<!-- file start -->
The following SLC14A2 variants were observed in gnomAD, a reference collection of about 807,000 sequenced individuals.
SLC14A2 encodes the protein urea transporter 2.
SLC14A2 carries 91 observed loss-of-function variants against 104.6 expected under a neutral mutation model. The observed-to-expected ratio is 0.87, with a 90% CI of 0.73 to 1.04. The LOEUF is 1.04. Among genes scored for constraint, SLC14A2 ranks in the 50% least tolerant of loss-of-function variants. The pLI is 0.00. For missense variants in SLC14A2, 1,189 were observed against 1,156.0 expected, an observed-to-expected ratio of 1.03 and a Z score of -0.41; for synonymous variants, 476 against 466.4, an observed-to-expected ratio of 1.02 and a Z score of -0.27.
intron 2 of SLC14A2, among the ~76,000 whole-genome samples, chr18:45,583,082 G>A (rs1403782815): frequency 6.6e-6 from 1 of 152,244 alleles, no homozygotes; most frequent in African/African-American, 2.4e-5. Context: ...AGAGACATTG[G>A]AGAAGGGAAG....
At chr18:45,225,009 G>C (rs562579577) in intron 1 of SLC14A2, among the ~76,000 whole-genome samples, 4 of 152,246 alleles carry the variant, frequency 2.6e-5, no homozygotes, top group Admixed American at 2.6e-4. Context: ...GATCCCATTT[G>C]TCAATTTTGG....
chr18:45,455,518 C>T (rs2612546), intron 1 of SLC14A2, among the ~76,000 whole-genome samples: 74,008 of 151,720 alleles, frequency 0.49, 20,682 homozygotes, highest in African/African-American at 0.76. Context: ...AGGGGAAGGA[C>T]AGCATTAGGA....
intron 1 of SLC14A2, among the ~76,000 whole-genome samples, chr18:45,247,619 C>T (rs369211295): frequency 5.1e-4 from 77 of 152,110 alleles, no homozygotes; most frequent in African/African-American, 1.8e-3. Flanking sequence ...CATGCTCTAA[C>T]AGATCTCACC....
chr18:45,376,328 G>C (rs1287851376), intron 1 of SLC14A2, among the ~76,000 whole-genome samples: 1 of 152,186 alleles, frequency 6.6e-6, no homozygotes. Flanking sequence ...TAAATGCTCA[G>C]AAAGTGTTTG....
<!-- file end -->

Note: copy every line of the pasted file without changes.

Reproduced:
The following SLC14A2 variants were observed in gnomAD, a reference collection of about 807,000 sequenced individuals.
SLC14A2 encodes the protein urea transporter 2.
SLC14A2 carries 91 observed loss-of-function variants against 104.6 expected under a neutral mutation model. The observed-to-expected ratio is 0.87, with a 90% CI of 0.73 to 1.04. The LOEUF is 1.04. Among genes scored for constraint, SLC14A2 ranks in the 50% least tolerant of loss-of-function variants. The pLI is 0.00. For missense variants in SLC14A2, 1,189 were observed against 1,156.0 expected, an observed-to-expected ratio of 1.03 and a Z score of -0.41; for synonymous variants, 476 against 466.4, an observed-to-expected ratio of 1.02 and a Z score of -0.27.
intron 2 of SLC14A2, among the ~76,000 whole-genome samples, chr18:45,583,082 G>A (rs1403782815): frequency 6.6e-6 from 1 of 152,244 alleles, no homozygotes; most frequent in African/African-American, 2.4e-5. Context: ...AGAGACATTG[G>A]AGAAGGGAAG....
At chr18:45,225,009 G>C (rs562579577) in intron 1 of SLC14A2, among the ~76,000 whole-genome samples, 4 of 152,246 alleles carry the variant, frequency 2.6e-5, no homozygotes, top group Admixed American at 2.6e-4. Context: ...GATCCCATTT[G>C]TCAATTTTGG....
chr18:45,455,518 C>T (rs2612546), intron 1 of SLC14A2, among the ~76,000 whole-genome samples: 74,008 of 151,720 alleles, frequency 0.49, 20,682 homozygotes, highest in African/African-American at 0.76. Context: ...AGGGGAAGGA[C>T]AGCATTAGGA....
intron 1 of SLC14A2, among the ~76,000 whole-genome samples, chr18:45,247,619 C>T (rs369211295): frequency 5.1e-4 from 77 of 152,110 alleles, no homozygotes; most frequent in African/African-American, 1.8e-3. Flanking sequence ...CATGCTCTAA[C>T]AGATCTCACC....
chr18:45,376,328 G>C (rs1287851376), intron 1 of SLC14A2, among the ~76,000 whole-genome samples: 1 of 152,186 alleles, frequency 6.6e-6, no homozygotes. Flanking sequence ...TAAATGCTCA[G>C]AAAGTGTTTG....